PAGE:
JASON FRANK: And those founding figures are kind of immediately held to be what Jefferson would later call an assembly of demi gods. And it's not exactly true. Our colleague Michael Kamman has written a book on A Machine That Would Go of Itself, which really takes on this question, I think, in an interesting way, and shows the variability. So you know, sometimes the founders, their capital is up and sometimes [INTERPOSING VOICES] it's down. You know, an interesting period for me in American history-- and it's not a period that I am, you know, I don't claim any kind of expertise on this period-- but the progressive era of late 19th, early 20th century, you see very interesting debates--
GLENN ALTSCHULER: A lot of debunking at that period.
JASON FRANK: A lot of debunking of the authority of the founders. And this is in part, it can be explained politically. You know, in the 1790s and early 20th century, you had the Supreme Court, a very conservative Supreme Court, a very activist Supreme Court, but not activist in the liberal sense of judicial activism. Activist in a deeply conservative sense, preventing state legislatures from passing laws that would regulate the economy, for example. So you have a real political reaction to what is seen as the confinements, that the Constitution has confined the ability of the people to pass laws to address the economic and social concerns of their day.
GLENN ALTSCHULER: Yeah. And a number of progressives in that period, of course, revealed or argued that the founders protected--
JASON FRANK: Absolutely.
GLENN ALTSCHULER: Their own property interests--
JASON FRANK: Absolutely.
GLENN ALTSCHULER: Their personal interests in that document. And that document, therefore, should not only be seen as the product of a moment--
JASON FRANK: Right.
GLENN ALTSCHULER: But as the product of a particular class of people--
JASON FRANK: Exactly.
GLENN ALTSCHULER: In opposition to The People--
JASON FRANK: Yeah.
GLENN ALTSCHULER: In some sense.
JASON FRANK: You get a very interesting example of how, let's say the historiography of a period. Because you're talking about progressive era historians. So Parrington, you know, Cornell's own Karl Becker--
GLENN ALTSCHULER: Charles Beard.
JASON FRANK: Charles Beard, crucially. Are, you know, they don't exist in a vacuum from their political time. And you get the emergence of a kind of historiography around the founding period that, far from being hagiographic, is deeply deflating. So Beard writes an economic interpretation of the Constitution of the United States, which makes an argument that, you know, not only were the founders not the virtuous wise men that more hagiographic approaches had taken them to be, but as you said, they're working in their economic interest, that the Constitution was a kind of coup by one commercial class over recently enfranchised, the lower orders recently enfranchised by the revolution, and that it enshrined things like property rights as a way of protecting that class's interest. Right?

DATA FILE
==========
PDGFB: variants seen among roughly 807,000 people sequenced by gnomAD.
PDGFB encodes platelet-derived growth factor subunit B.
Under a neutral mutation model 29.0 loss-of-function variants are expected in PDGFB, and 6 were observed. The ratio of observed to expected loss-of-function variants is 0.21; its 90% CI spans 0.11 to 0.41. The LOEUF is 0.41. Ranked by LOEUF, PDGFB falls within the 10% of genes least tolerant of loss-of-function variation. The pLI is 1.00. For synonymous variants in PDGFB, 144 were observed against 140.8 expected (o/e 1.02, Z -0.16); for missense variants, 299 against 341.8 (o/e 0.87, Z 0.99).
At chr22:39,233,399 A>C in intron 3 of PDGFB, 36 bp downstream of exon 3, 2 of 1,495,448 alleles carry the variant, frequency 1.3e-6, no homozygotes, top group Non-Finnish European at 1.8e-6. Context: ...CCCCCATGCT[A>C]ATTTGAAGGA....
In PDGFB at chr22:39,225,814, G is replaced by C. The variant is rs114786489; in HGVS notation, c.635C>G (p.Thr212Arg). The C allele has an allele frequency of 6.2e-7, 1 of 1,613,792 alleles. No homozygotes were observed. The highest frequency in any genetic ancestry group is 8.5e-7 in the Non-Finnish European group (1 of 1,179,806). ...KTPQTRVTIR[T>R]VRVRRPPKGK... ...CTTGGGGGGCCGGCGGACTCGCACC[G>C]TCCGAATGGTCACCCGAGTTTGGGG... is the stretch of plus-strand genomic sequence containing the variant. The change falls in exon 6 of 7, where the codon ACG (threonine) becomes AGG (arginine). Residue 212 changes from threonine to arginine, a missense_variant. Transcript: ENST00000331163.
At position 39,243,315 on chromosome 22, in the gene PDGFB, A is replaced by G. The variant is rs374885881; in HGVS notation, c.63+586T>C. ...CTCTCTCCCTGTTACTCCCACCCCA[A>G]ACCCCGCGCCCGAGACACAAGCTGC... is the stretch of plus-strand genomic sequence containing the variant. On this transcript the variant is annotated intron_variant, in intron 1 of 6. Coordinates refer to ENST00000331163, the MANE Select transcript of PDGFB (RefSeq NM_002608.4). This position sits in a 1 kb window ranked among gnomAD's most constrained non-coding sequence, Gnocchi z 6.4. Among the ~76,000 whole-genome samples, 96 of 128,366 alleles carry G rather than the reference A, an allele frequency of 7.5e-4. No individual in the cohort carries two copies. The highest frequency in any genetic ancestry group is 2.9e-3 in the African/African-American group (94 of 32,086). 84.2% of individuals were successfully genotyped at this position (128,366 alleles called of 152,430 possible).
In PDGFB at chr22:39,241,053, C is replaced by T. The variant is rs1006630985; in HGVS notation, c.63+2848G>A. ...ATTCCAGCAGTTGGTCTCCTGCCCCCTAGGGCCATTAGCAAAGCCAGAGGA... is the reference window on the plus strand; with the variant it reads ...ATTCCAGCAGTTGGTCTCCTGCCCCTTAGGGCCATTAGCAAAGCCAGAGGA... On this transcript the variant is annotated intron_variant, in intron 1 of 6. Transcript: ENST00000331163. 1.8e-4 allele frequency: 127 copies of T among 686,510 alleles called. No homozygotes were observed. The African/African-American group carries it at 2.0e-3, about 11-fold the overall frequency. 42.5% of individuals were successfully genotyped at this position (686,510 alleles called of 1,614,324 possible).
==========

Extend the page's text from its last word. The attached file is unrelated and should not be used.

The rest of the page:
Now, that's deeply, deeply deflationary of the authority of the founders. But it's not just the historians writing in the period. I think it's interesting to look at, if you think about how the authority of the founders has appealed to, in a much more widely available kind of public discourse, the debates we have around politics-- well, you know, I mean, even Teddy Roosevelt had problems with the kind of confinements of the Constitution in this period. It wasn't just a far left fringe, right?
GLENN ALTSCHULER: Jason, would have would it be fair to say that we should associate people who believe in the authority of the founders with conservatism, and people who are debunkers, who are skeptical of the authority of the founders as liberals or progressive?
JASON FRANK: Yeah. I think that's very misleading. I think from our perspective, from our little place in time--
GLENN ALTSCHULER: It looks that way a little bit in 2008.
JASON FRANK: Right. And for good reason, right? You have, as we mentioned, the emphasis on original intent or originalism in constitutional jurisprudence, which is clearly associated with a conservative approach to constitution--
GLENN ALTSCHULER: Justice Scalia, among others.
JASON FRANK: Scalia's textualism, Thomas's originalism. So there's that. But you know, you also have the emergence of what some historians have, and others have called Founders Chic. You know, you have, in the past 10 years, the remarkable appearance of biographies, you know, David McCullough's biography of John Adams, for example, which was turned into that wonderful miniseries on HBO, Chernow's biography of Hamilton, the writings of [INAUDIBLE].
There's a number, you know, the founders have really emerged again within, not just academic quarters, but more broadly. And the founders that have emerged or that are most valuable have been the conservative founders. John Adams is up and Thomas Jefferson is down. But it's not always been that way at all. I think one of the interesting things in looking at how the authorities of the founders, the authority of the founders has been appealed to at different moments in American history is that authority has been appealed to by wildly divergent ideological, by people holding wildly divergent ideological positions.
GLENN ALTSCHULER: Yeah. And of course, I mean, one of the difficulties for anybody who's going to invoke the authority of the founders is, just to give one simple example, we have the Hamiltonian legacy and we have the Jeffersonian--
JASON FRANK: Right. Herbert Croly.